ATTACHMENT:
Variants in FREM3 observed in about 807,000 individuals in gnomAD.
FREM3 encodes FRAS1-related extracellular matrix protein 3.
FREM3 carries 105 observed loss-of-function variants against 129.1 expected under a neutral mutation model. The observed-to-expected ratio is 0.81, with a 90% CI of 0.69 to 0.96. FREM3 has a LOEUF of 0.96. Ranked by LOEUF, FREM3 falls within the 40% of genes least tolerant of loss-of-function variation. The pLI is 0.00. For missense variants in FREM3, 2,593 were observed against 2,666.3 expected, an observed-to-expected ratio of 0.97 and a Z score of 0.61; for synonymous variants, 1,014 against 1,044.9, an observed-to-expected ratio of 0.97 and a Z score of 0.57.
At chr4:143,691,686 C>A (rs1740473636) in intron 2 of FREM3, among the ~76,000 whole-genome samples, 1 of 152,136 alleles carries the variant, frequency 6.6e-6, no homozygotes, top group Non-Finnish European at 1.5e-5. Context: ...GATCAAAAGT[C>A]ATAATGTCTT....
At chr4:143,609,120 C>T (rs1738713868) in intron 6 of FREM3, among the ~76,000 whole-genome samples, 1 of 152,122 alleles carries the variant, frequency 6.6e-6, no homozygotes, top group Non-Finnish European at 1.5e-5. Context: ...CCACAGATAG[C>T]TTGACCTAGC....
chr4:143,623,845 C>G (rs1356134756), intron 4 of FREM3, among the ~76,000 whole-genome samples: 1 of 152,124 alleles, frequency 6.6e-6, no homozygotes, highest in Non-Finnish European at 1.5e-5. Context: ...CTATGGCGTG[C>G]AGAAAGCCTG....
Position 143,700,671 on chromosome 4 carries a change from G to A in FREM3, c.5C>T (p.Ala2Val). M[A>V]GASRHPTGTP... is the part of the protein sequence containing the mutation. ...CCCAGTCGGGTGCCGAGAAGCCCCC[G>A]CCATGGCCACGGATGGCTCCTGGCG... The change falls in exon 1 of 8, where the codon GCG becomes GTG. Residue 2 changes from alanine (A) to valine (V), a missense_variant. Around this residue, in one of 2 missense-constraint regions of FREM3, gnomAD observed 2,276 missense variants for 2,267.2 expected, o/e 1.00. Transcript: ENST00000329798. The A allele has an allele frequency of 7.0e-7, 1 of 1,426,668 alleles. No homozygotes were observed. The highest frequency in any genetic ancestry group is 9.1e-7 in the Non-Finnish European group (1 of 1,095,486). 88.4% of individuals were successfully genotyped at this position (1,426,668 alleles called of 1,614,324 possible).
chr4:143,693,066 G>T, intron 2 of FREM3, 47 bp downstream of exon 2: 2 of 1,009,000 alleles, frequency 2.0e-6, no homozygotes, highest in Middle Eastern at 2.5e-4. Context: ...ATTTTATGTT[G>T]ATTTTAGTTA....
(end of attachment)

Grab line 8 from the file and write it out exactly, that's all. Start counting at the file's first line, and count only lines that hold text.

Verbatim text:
chr4:143,693,066 G>T, intron 2 of FREM3, 47 bp downstream of exon 2: 2 of 1,009,000 alleles, frequency 2.0e-6, no homozygotes, highest in Middle Eastern at 2.5e-4. Context: ...ATTTTATGTT[G>T]ATTTTAGTTA....